Part of the Aging Well Through Arts Special Report
“What’s the best way to find my life’s purpose?” As a career coach, it’s a question I hear a lot. After all, many of us struggle to connect with our authentic inner voice. And while tools like assessment tests can sometimes help, they are often not enough.
If you give people luscious materials and beautiful colors, they can’t help but create wonderful things.
— Lauren Rader, author of 'Studio Stories'
That’s why I was eager to review a recent book: Studio Stories: Illuminating Our Lives Through Art by artist and educator Lauren Rader. The book puts forth a compelling case that making art can be a powerful way to connect with purpose.
While that premise might strike you as wishful thinking, history teaches otherwise. From making pre-historic cave paintings to posting photos on Instagram, people have long used art as a means of expression. As children, creativity comes to us instinctively. We tell stories through pictures, stretch our imagination with Popsicle-stick sculptures and show our love with gifts of clay pots. Through art, we discover parts of ourselves that words alone cannot capture.
Yet as we age, we tend to swap these creative activities for more “adult” responsibilities. Worse, we buy into the myth that only professional artists have the right — and the talent — to make art. Over time, we lose touch with the transformational and revelatory power of our own creativity.
Never Too Late to Connect With Purpose Through Art
Fortunately, it’s never too late to reclaim your artistic birthright. Studio Stories shares the deeply personal experiences of the women in Rader’s Releasing the Creative Powers Within workshops. Unlike conventional art classes that focus on technique and craft, Rader’s classes are all about self-expression through art.
The students are primarily older women who work as doctors, homemakers, bankers and often caregivers as well. Most haven’t created art in years. But the classes provide a much-needed respite from their busy lives — a sanctuary of calm where they quiet judging minds, gain fresh perspectives and release their innermost selves.
Rader builds each session around themes, such as personal power, turning points or balance. At the beginning of each class, she asks the students to spend a few minutes writing about the theme before starting their art projects. She also encourages participants to write at least once a day, even when they’re not in class. Rader suggests using inexpensive unlined sketchbooks, rather than fancy journals, so “the book won’t feel too precious for even the most vile thoughts and feelings.”
She provides a variety of materials for the projects: paint, clay and fabric, as well as natural items like feathers, rocks and branches. The quality and variety of the materials is key. “If you give people luscious materials and beautiful colors, they can’t help but create wonderful things,” she writes.
At the end of each class, participants are asked to reflect on their experiences. Typically, students start by discussing their art pieces. But often, they go on to share more personal, intimate and sometimes painful insights.
Their stories of transformation are profoundly moving and Rader says that more than once, the class has led students to major career or location shifts.
For example, after returning to school for her master’s degree in decorative arts, Sally wrote, “Believe it or not, I never would have done it without art class.” Another woman, a banker, credits her time in the class with her decision to move from the city to her dream home in the country. “Art class helped me realize what’s really important,” she writes. A third woman, a recent widow in her 70s, said the class allowed her to begin to feel joyful and alive after a period of mourning.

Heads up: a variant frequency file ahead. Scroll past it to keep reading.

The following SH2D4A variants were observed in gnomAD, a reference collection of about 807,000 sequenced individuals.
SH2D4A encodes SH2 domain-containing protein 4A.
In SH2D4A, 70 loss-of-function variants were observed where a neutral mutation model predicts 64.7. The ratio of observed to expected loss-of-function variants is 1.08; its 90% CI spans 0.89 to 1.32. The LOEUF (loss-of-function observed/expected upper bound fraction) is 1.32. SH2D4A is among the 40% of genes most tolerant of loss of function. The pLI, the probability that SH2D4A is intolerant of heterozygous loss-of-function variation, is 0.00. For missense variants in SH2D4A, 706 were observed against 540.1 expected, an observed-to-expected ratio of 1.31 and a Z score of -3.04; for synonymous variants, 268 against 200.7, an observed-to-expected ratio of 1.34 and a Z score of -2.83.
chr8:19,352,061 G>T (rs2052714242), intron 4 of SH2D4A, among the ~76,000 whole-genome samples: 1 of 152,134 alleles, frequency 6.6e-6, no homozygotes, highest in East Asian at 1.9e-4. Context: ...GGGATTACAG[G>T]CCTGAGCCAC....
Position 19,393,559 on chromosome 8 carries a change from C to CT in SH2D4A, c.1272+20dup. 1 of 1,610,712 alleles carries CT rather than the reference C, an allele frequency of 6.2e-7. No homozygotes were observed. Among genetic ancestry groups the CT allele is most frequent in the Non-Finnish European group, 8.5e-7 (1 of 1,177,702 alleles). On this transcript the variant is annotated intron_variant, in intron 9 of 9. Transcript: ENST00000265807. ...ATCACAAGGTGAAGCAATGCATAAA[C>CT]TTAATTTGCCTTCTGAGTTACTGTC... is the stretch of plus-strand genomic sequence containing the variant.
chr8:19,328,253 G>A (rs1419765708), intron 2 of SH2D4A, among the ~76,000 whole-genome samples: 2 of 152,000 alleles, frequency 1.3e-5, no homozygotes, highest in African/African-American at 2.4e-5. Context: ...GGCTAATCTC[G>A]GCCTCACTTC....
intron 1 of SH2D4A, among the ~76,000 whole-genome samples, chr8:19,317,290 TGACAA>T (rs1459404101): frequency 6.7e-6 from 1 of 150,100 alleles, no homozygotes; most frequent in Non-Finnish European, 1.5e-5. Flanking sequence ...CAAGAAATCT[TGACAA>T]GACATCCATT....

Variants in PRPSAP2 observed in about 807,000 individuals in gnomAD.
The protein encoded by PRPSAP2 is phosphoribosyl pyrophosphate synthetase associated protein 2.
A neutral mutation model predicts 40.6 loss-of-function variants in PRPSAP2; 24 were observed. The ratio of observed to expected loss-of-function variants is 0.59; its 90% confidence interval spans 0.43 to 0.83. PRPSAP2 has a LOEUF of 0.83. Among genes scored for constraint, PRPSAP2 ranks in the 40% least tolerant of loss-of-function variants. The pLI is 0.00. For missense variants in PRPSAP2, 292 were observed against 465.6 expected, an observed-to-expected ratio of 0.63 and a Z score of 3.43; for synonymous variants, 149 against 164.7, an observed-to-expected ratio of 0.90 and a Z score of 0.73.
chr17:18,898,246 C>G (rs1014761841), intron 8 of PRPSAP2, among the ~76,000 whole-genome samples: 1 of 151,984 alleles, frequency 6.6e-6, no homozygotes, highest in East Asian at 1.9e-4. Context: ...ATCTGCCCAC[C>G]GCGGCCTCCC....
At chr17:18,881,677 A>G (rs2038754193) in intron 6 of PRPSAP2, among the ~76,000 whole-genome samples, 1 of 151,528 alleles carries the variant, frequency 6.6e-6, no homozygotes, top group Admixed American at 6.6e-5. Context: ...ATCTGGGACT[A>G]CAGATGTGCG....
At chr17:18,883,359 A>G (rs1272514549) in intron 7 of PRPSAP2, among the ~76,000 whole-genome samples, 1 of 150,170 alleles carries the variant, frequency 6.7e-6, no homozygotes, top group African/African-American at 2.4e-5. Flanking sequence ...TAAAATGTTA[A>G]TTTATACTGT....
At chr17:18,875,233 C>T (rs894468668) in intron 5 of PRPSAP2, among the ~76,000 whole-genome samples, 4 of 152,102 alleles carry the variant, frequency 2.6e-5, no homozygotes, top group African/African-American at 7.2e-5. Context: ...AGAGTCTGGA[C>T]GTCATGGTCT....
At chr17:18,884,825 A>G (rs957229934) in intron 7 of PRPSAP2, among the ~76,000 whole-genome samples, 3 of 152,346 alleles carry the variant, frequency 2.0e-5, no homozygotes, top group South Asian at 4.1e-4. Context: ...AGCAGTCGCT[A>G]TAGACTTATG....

Studio Stories is a lovely reminder that by exercising creativity, we help shed light on our potential and more clearly see what we might become. By the end of the book, I found myself looking up art classes in my area, though it’s been years since I last picked up a paintbrush.
And that brings me to the final takeaway: You’re never too old — or too artistically challenged — to embrace your inner artist. No matter how artistically-challenged we might feel, we all can benefit from the power of art.
Here, four suggestions from Rader’s blog to get you started:
- Crank up the music. “Art and music go together like ice cream and hot fudge,” writes Rader. And just as there’s no one right type of dessert, there’s no one right music for creating art. Just select something that matches the energy you seek and puts you in the right mood.
- Use “throwaways.” Sure it’s great fun to purchase a batch of fresh art supplies. But you can start with whatever you have lying around the house: used paper, old pencils or your kid’s markers. That way, you’re free to create (or tear up) your art without worrying about “wasting” supplies. Later, you can always refine your work using more expensive materials.
- Leave art supplies lying around. You’re more likely to create art when you have easy access to the tools of creativity. So leave a small sketch pad, a mound of clay or a few gel pens next to your desk. That way, you can easily get creative when the spirit moves you.
- Take a walk. Feeling uninspired? Put on your sneakers and start moving. Walking gets your blood pumping, arms swinging and endorphins circulating. While it’s especially beneficial to walk in nature, even a city stroll can stir up your imagination and get your creative juices flowing.
Remember, as wonderful as this book is, you don’t need a class, a book or permission to begin. You already have everything you need to start tapping into your creativity today.
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